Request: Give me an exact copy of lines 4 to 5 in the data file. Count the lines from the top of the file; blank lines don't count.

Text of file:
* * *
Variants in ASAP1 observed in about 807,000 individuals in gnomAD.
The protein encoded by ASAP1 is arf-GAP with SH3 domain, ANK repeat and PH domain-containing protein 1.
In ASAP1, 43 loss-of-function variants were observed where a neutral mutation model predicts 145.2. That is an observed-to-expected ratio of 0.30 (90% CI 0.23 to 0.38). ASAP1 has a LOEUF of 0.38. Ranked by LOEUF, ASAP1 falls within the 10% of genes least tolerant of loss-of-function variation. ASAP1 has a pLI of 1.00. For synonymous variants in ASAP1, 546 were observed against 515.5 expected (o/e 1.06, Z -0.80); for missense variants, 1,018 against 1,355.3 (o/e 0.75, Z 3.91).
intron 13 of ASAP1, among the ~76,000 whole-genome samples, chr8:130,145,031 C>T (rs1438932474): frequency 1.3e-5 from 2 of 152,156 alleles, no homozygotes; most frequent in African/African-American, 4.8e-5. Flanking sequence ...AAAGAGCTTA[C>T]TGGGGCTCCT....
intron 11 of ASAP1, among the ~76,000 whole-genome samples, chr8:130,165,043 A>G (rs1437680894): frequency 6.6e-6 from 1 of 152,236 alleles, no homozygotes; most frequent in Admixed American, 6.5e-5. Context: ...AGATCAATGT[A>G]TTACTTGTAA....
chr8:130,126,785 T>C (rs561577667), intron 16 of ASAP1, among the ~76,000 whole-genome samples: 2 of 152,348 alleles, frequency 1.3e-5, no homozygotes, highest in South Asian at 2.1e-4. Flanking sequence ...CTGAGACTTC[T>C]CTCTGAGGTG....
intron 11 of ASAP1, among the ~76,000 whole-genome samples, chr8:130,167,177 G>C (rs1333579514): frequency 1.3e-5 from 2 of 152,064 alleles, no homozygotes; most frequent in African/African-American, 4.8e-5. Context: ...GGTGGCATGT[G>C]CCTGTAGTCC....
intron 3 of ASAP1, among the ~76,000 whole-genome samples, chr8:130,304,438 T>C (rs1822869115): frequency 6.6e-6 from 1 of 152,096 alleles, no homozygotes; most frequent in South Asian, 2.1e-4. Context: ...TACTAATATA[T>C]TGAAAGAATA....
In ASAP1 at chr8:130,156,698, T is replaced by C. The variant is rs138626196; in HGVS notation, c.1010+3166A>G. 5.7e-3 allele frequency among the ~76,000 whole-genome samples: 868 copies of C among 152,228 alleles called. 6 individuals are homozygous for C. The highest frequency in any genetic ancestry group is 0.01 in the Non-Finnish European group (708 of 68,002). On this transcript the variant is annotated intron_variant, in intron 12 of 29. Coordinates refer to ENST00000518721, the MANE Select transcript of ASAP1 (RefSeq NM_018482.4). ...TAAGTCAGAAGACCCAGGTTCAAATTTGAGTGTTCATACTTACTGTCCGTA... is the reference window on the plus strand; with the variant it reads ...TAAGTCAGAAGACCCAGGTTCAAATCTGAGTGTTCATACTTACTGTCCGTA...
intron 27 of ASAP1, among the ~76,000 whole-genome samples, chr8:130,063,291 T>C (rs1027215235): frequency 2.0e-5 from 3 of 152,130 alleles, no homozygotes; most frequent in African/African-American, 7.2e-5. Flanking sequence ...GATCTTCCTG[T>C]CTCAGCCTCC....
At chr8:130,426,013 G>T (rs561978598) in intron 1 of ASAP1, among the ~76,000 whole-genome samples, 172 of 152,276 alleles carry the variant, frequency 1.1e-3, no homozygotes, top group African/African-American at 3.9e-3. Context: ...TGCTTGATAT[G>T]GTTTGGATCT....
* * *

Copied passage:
intron 13 of ASAP1, among the ~76,000 whole-genome samples, chr8:130,145,031 C>T (rs1438932474): frequency 1.3e-5 from 2 of 152,156 alleles, no homozygotes; most frequent in African/African-American, 4.8e-5. Flanking sequence ...AAAGAGCTTA[C>T]TGGGGCTCCT....
intron 11 of ASAP1, among the ~76,000 whole-genome samples, chr8:130,165,043 A>G (rs1437680894): frequency 6.6e-6 from 1 of 152,236 alleles, no homozygotes; most frequent in Admixed American, 6.5e-5. Context: ...AGATCAATGT[A>G]TTACTTGTAA....